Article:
Radiation Therapy For Breast Cancer

Beaumont Health employs an impressive array of high-tech equipment to precisely deliver external or internal radiation to the whole breast, part of the breast, the lymph nodes, or the chest wall after mastectomy.

External radiation can be delivered using a number of different techniques.

  • External Beam Radiation Therapy (EBRT) is the most common type of radiation used to treat breast cancer. Painless radiation treatments are delivered in a series of daily sessions, each requiring about 30 minutes, Monday through Friday, for six to seven weeks. A radiation oncologist will decide what type of treatment is best, depending on internal and external anatomy and the planning CT scan. Treatment occurs on an outpatient basis.
  • Whole breast irradiation is considered the standard of care for patients treated with breast-conserving therapy (BCT). Usually only the breast is treated, but sometimes the lymph nodes around the collarbone or underarm are included. Treatments occur daily over approximately six weeks.
  • Proton therapy is an effective alternative to traditional radiation for some left-sided breast cancer patients. It is used to treat high-risk, post-mastectomy, left-sided breast tumors.
  • 3-dimensional conformal radiotherapy (3DCRT) uses multiple radiation fields to deliver precise doses of radiation to the breast, while sparing normal tissue. The lymph nodes are sometimes included.
  • 3DCRT/quadrant breast irradiation delivers radiation to only a small portion of the breast. Multiple, targeted beams reduce the chances for irradiation of the heart and lungs.
  • Intensity-modulated radiation therapy (IMRT) is used to treat the majority of patients receiving radiation to the breast alone. IMRT is a form of 3DCRT that further modifies the radiation beam, varying the intensity of radiation to allow optimal treatment precision and dose delivery. Beaumont's Radiation Oncology Center is a global leader in the development and routine use of IMRT, and is one of only four sites in the nation to offer IMRT for breast cancer. IMRT improves the uniformity of dose delivery, with a goal of fewer immediate and long-term side effects than the 3DCRT offered at most other radiation oncology centers.
  • Active Breathing Control (ABC) coordinates radiation delivery with the breathing cycle to more precisely target radiation and avoid vital organs. Beaumont's Radiation Oncology department has pioneered the development of ABC. In patients with left-sided breast cancer, ABC can reduce the volume of heart muscle in the radiation field. Your radiation oncologist will tell you if you are a candidate for ABC.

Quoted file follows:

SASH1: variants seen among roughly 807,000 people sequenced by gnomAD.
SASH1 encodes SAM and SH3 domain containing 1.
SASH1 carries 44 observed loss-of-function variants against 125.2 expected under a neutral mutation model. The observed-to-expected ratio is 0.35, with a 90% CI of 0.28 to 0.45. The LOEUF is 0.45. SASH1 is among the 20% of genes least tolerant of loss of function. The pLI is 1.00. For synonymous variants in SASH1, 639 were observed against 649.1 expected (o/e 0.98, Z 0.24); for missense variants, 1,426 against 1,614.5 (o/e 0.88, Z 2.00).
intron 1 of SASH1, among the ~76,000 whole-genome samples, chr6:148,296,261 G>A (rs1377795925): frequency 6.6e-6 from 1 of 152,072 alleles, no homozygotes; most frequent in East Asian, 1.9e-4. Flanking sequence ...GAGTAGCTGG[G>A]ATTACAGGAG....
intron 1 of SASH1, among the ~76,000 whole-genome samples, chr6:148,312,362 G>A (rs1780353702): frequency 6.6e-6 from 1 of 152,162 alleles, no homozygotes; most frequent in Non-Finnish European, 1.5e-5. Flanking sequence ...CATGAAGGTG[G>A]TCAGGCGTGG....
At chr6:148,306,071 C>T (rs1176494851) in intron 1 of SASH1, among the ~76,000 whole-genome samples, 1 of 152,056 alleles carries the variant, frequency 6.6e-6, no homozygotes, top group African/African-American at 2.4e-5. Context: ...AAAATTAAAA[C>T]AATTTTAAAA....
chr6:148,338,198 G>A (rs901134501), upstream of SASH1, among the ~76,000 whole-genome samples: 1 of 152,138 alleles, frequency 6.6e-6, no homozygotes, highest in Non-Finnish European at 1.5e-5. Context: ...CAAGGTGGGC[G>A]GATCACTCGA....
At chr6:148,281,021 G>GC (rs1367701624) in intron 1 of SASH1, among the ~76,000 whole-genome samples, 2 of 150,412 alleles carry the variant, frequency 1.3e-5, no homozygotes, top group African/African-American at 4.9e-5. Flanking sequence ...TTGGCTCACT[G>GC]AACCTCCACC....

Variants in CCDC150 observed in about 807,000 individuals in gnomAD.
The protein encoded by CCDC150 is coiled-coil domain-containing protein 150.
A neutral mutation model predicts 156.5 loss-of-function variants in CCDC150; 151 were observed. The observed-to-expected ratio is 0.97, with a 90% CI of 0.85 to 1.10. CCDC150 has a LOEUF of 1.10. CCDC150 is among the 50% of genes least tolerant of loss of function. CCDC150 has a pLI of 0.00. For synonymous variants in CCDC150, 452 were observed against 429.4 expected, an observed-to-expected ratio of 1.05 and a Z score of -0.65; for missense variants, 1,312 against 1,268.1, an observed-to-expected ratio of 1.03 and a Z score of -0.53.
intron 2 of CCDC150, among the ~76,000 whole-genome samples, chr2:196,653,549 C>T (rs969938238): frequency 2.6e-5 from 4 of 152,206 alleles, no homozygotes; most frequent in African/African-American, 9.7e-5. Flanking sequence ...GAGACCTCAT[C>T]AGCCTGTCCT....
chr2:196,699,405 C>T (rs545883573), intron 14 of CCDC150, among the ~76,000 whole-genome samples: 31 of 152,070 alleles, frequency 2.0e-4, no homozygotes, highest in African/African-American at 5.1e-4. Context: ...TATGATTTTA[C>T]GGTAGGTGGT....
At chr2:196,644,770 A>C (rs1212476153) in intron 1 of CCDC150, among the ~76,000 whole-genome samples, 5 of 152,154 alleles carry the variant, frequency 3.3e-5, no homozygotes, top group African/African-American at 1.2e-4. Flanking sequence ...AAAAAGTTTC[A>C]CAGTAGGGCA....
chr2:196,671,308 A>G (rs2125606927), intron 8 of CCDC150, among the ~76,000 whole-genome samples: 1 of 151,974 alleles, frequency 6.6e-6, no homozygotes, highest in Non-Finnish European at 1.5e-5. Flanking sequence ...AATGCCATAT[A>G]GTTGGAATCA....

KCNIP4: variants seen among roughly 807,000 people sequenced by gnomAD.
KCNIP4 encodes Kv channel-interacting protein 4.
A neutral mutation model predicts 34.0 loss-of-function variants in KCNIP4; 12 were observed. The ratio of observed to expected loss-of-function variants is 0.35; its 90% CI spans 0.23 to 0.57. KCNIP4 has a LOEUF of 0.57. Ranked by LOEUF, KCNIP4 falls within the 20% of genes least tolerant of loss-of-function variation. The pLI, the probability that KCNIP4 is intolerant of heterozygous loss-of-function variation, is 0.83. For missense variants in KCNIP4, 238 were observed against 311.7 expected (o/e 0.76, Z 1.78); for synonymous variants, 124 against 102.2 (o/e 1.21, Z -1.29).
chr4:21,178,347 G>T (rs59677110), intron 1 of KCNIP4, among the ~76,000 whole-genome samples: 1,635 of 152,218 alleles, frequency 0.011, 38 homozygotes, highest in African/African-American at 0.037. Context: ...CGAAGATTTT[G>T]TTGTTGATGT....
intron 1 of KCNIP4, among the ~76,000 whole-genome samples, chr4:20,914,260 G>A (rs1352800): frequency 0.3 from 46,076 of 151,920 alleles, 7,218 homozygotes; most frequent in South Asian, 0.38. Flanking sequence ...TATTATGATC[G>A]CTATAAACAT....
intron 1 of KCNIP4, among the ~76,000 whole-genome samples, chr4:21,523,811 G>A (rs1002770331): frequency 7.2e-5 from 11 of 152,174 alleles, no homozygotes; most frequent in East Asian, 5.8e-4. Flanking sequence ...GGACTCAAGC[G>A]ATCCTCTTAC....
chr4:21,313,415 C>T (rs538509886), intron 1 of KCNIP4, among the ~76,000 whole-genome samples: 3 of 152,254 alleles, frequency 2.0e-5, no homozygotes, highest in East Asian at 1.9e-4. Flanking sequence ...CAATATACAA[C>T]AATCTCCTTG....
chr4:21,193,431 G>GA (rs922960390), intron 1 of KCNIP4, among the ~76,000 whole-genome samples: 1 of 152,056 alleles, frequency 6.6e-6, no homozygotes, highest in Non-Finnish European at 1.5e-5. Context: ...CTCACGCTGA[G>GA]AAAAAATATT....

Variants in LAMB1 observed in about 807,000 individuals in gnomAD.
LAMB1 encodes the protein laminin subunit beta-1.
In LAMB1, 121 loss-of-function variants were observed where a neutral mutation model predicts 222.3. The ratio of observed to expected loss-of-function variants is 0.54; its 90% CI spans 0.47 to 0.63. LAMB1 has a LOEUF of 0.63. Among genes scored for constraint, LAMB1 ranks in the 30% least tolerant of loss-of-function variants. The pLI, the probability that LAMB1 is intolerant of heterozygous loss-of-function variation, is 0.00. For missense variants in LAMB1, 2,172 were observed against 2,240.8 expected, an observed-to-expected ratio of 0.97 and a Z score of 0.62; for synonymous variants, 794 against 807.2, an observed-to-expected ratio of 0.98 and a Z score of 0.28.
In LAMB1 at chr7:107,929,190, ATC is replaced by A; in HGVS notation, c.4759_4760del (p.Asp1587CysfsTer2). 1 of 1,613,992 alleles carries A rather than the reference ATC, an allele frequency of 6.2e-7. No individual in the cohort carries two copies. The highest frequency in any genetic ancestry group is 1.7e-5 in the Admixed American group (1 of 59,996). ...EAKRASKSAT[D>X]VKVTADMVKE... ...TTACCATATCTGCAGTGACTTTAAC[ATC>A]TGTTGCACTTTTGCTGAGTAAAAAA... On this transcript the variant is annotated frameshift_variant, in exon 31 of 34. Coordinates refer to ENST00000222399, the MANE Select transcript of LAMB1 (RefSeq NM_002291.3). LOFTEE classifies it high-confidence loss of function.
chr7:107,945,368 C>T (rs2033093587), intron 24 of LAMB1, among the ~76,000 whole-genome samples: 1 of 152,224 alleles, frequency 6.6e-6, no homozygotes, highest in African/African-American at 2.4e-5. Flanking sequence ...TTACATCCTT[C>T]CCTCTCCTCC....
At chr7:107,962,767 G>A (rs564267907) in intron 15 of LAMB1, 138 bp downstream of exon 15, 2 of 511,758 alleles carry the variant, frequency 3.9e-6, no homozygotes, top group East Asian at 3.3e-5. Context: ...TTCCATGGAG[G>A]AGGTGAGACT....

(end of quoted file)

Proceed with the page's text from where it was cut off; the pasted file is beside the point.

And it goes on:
• Oncologists at Beaumont have also been studying the use of cardiac MRI, rather than traditional CT scanning, as a complement to ABC in evaluating the degree to which the heart can be avoided. Cardiac MRI allows them to assess more accurately any changes in the heart muscle that may occur during radiation treatment.
  • Partial breast irradiation confines radiation to the tumor site (lumpectomy cavity) and an adequate margin of surrounding normal tissue, rather than to the whole breast. Treatment time is reduced from six to seven weeks to only one week, though treatments are administered twice a day. Beaumont is one of the few centers in the United States to offer partial breast irradiation. Initial clinical data using this approach have shown excellent results, but the treatment is still considered investigational and is typically used in a select group of patients under national research protocols. Candidates for partial breast irradiation
    • are at least 45 years of age
    • have a small, adequately excised tumor
    • ideally have no cancer in the nearby lymph nodes
  • IORT is a method for the delivery of radiation treatment to the surgical cavity at the time of breast conserving surgery (lumpectomy or partial mastectomy). Radiation is delivered to the tumor bed (part of the breast with the highest risk of recurrence). IORT delivers low-energy radiation to the tumor bed.

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